COVID-19 has changed our modern life in a way that will never be forgotten, as we learn to navigate social spaces and renegotiate safety in populous settings. For those of us lucky enough to have outdoor recreation in our backyard, it has been a wonderful time to explore nearby trails, dust off the bike in the garage, or look at a map to seek out a new adventure. COVID-19 has changed our modern life in a way that will never be forgotten, as we learn to navigate social spaces and renegotiate safety in populous settings. For those of us lucky enough to have outdoor recreation in our backyard, it has been a wonderful time to explore nearby trails, dust off the bike in the garage, or look at a map to seek out a new adventure.
This drive to regain our adventures after COVID-19 hit, has been difficult for everyone. For those that rely on recreation for employment and personal outdoor recreation, it has been especially difficult. My name is Zach Husted and I have worked as a professional ski/splitboard/MTB guide for the past five years. Working through droughts, wildfires, and injury are a few of the obstacles I have encountered while keeping this occupation afloat. This past spring was the start of the most influential pandemic in modern day history and hindered many of us from getting outside and enjoying the places we love most or making a living by leading people on these epic adventures.
In the summer months I work for Western Spirit Cycling, which is based in Moab, UT. Ashley Korenblat has been the proud owner for nearly 30 years and pushed through every hurdle that has come her way. No surprise that once the world shut down, she was working hard to get the grants and funding in order to keep her business going, and employees paid, though government subsidies. Fortunate enough, after implementing a rigorous safety and operations plan, which included COVID precautions, Western Spirit was able to get their big red rigs on the road again and run trips. These trips are typically 4-6 day MTB tours on public lands and national parks, all across the western United States.
This summer my partner, Kara Williard, and I were able to run three trips back to back to back. We started in Hood River, OR, which provided a journey just in getting there, as we made the first trip away from our backyard since March. The thorough safety protocol ensured limited exposure along every step of the trip, to make it safe for our guests and ourselves. The most imperative component, aside from safety procedures, was to ensure our clients would have the very best experience, as we explored our public lands. It is a major aspect of the job to provide our clients the very best care from sunrise to sunset. From fresh fruit salad every morning and custom breakfasts, to refueling with dutch oven lasagna and tasty desserts as we watch the sun go down, Western Spirit is the best service in which to guarantee your every need and comfort will be met.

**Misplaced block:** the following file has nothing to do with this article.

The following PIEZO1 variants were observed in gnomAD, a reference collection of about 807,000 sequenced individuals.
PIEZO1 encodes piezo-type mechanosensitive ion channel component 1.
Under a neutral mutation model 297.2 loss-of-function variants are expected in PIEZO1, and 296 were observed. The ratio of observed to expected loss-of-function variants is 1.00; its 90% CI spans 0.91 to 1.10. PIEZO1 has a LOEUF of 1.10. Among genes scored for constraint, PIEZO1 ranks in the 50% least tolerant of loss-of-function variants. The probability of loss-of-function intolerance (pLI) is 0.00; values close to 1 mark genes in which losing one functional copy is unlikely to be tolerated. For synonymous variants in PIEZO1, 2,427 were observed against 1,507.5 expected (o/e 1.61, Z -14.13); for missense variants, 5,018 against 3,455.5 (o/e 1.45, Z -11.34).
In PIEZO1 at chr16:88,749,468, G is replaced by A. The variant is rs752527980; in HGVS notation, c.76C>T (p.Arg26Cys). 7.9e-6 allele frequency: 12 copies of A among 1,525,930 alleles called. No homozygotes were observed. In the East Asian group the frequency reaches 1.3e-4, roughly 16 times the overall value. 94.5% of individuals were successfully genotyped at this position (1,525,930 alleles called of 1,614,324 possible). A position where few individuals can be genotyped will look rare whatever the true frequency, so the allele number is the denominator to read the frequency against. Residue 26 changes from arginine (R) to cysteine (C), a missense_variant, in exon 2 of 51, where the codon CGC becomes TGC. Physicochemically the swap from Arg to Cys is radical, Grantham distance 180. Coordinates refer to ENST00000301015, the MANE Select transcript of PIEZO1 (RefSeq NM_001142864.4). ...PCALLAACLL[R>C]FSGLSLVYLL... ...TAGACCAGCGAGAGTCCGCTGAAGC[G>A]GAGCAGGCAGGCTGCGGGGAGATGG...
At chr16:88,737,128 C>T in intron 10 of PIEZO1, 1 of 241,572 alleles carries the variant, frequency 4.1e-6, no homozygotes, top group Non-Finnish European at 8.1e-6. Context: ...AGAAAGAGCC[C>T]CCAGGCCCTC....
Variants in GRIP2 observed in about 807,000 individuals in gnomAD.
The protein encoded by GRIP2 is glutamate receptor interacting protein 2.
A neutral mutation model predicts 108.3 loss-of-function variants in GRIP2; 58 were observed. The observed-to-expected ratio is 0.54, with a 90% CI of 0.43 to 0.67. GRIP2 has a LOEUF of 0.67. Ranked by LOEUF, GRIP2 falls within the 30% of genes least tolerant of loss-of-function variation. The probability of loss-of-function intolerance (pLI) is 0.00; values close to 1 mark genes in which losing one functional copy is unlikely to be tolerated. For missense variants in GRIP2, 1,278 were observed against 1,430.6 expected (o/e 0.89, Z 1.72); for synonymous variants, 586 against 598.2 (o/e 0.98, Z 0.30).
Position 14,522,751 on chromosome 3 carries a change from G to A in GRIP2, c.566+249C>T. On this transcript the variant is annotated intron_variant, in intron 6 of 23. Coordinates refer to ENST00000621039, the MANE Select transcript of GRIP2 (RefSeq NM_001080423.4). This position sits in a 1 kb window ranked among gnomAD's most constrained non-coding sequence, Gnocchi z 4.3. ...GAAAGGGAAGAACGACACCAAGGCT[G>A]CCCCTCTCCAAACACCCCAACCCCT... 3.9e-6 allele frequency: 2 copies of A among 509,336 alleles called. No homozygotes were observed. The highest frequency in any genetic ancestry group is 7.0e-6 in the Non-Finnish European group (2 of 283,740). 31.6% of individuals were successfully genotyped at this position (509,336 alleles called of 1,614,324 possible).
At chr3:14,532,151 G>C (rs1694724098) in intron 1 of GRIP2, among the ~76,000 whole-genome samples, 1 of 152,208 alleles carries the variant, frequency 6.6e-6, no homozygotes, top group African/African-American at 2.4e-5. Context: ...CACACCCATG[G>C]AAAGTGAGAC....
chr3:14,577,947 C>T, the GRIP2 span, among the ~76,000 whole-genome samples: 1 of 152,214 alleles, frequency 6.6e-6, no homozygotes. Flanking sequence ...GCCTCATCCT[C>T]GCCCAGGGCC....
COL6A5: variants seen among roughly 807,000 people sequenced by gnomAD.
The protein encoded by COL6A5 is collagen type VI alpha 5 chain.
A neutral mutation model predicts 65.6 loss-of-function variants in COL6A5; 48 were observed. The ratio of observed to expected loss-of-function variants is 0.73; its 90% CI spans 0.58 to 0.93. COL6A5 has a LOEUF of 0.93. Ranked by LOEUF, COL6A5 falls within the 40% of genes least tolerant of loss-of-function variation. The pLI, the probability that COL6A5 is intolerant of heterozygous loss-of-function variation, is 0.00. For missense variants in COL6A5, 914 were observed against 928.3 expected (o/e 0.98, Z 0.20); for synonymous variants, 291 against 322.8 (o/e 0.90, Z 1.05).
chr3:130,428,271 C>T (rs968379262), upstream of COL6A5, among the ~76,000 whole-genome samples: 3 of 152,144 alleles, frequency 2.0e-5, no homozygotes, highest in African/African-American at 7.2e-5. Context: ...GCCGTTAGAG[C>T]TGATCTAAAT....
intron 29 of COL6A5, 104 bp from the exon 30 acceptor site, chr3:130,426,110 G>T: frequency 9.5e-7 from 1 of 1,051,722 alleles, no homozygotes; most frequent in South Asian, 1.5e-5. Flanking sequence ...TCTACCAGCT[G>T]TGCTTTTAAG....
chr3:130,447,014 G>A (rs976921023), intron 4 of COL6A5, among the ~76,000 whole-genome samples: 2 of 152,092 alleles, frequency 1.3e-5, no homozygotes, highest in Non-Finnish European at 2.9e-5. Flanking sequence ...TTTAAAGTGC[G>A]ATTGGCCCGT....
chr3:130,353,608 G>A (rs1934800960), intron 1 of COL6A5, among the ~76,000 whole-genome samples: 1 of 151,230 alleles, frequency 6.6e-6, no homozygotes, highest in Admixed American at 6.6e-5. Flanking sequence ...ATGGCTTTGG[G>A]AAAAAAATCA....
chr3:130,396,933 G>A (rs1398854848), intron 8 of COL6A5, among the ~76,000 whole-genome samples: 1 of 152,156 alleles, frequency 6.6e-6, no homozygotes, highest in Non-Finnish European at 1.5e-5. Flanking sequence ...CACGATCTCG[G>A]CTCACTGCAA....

Our first trip of five people was the largest gathering we had both been in contact with since April. We made a lot of steps in order for everyone to be comfortable. This included foot pump hand wash, everyone wore masks when getting served from a guide, and sitting 6 feet apart around the campfire. All of these steps made the outdoors feel like a sanctuary once again. We all here to ride bikes, eat well, and enjoy the local trails. The next trip we had on the agenda was the Lewis River Singletrack. This tour is packed with epic swim spots at every camp plus tons of northwest trail riding. We spent day three riding along the east side of Mt. Saint Helens into the blast zone along and seamlessly endless pumice field from this 1980 massive eruption. This was a highlight for everyone since it is such a rarity to ride on an active stratovolcano. Limiting shuttle van time and proximity to one another was the biggest crux through the trip.
Guiding at the capacity that we deal with during the pandemic was quite involved when it comes to the safety and wellbeing of our clients. I personally worked very hard to maintain everyone’s comfort level and making precautions to help improve client’s knowledge of the issue.
Making the necessary steps for everyone’s best interest takes planning and initiative. Between the WS office putting in the time and effort to reassure guests, train guides on procedures, and continually assess best practices, while guides take guest safety as topmost priority during a pandemic or not, many guests assured us that this was the safest and most feasible means of traveling and exploring this strange summer of 2020.